Logo of the Albania branch

The bank also planned to recapitalize €1 billion in early 2016 (due to CET1 ratio was below ECB requirement, set at 10.25%% after 2015 Supervisory Review and Evaluation Process (SREP)[9]), as well as planning to list in the Borsa Italiana in mid-2016. As at 31 March 2016 the bank had a net assets per share of about €15.5, or €3 in nominal value. However, due to low demand of the new shares, the bank priced the new share at €0.5 to €0.1 per share.[10] The stock market listing failed to generate interest, with only one institutional investor[citation needed] taking up the offer and existing shareholders buying just 2.2%[11] (some of them excised rights of withdrew at a later time). As a result, the newly created bail-out fund (created by banking sector in voluntary basis), Atlante, which had underwritten the share issue (previously underwritten by Intesa Sanpaolo), became the majority shareholder, which subscribed €988,582,329.50 out of €1 billion new shares of the bank,[12] making the private sector led bail out fund owned 97.64% shares of the bank. The bank's CET1 ratio was increased to an estimated 11% immediately after the capital increase,[2] despite decreased to 10.74% on 30 June 2016.

However, the bank capital base was deteriorated further due to more write-down on non-performing loans (NPLs), as well as 2016 SREP maintained the requirement on Tier 1 capital ratio for 10.25%,[13] plus unpublished capital recommendation (pillar II guidance). According to the bank, the bank's Tier 1 ratio on 30 June 2016 was 10.74%, just 0.49% higher than requirement.[13] In January 2017, Atlante deposited €628 million as future capital increase.[14] On 2 February 2017 the bank issued €3.5 billion bond with state-guarantee, which would matured in 2019 and 2020 respectively, in order to improve its capital base.[15] A further €1.4 billion state-guaranteed bond were issued on 1 June 2017.[16]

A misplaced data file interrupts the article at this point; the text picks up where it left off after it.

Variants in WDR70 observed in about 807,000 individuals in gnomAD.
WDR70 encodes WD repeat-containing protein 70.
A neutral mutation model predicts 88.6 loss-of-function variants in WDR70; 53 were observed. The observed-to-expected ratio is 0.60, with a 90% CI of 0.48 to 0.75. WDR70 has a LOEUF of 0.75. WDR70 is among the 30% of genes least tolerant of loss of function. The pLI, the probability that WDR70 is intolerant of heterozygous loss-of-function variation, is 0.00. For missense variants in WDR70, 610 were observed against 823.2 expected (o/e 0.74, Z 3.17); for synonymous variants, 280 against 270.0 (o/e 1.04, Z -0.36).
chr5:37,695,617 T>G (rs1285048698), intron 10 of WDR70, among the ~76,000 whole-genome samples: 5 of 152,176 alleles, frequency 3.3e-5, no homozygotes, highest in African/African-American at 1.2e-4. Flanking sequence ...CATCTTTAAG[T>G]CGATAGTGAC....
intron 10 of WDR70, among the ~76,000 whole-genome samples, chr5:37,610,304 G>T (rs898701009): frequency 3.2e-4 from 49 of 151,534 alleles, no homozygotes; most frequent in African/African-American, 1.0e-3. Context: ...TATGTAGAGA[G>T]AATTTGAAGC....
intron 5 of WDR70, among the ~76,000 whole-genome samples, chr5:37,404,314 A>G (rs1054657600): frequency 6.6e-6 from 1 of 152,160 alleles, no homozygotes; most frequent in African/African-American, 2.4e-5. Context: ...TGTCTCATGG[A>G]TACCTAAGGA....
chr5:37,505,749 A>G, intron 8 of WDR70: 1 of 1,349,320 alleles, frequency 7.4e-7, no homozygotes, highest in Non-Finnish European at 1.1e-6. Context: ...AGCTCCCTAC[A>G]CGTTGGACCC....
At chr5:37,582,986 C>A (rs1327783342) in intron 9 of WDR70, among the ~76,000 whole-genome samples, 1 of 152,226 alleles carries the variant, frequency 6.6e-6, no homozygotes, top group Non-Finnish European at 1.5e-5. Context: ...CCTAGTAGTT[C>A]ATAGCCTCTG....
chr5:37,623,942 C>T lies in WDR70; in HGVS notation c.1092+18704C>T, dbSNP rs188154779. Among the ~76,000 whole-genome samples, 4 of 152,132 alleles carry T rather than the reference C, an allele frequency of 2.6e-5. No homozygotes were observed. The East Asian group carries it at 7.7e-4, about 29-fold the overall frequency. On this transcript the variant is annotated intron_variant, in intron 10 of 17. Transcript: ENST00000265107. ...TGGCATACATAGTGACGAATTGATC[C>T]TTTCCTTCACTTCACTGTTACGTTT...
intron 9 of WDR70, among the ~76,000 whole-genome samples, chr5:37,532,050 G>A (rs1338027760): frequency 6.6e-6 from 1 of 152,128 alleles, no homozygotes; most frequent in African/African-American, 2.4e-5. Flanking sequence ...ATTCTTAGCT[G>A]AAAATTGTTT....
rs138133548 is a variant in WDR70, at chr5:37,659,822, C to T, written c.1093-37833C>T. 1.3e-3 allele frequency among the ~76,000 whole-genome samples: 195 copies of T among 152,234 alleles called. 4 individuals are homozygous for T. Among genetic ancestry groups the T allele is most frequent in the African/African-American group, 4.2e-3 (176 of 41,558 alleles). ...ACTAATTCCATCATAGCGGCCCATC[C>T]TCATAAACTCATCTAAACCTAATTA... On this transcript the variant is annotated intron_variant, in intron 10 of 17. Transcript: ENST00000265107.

On 9 January 2017 Veneto Banca offered to buy back the shares that were sold from 2007 to 2016 for 15% of the original price, despite the net asset value per unit of those shares had already diluted significantly due to 2016 capital increase.[17] The bank wanted to buy back the shares in order to avoid high legal cost on settlement on accused mis-selling of shares to retail investors and savers. On 11 April, the bank announced that 54,374 shareholders had accepted the offer (around 72.6% of the total number of shareholders), for €248.5 million.[18]

On 17 March 2017, Veneto Banca (and sister bank Banca Popolare di Vicenza (BPVi)) requested a "precautionary recapitalization" by the Italian state.[19] A government bank rescue fund had already set up in December 2016 for €20 billion.[20]

At the same time, the new business plan for year 2017–2021 was announced. Veneto Banca would seek the opportunity to merge with sister bank BPVi. Fabrizio Viola, chairman of BPVi, was also the member of the board of directors of Veneto Banca. However, based on the capital shortfall that forecast by 2016 bank stress test by European Central Bank, Veneto Banca along had a capital shortfall of €3.1 billion in the worst forecast scenario (if setting the CET 1 Ratio target even at worst forecast scenario at 8%).[21] After deducting the contribution from Atlante, the bank seek investor including the government for the remaining €2.472 billion shortfall.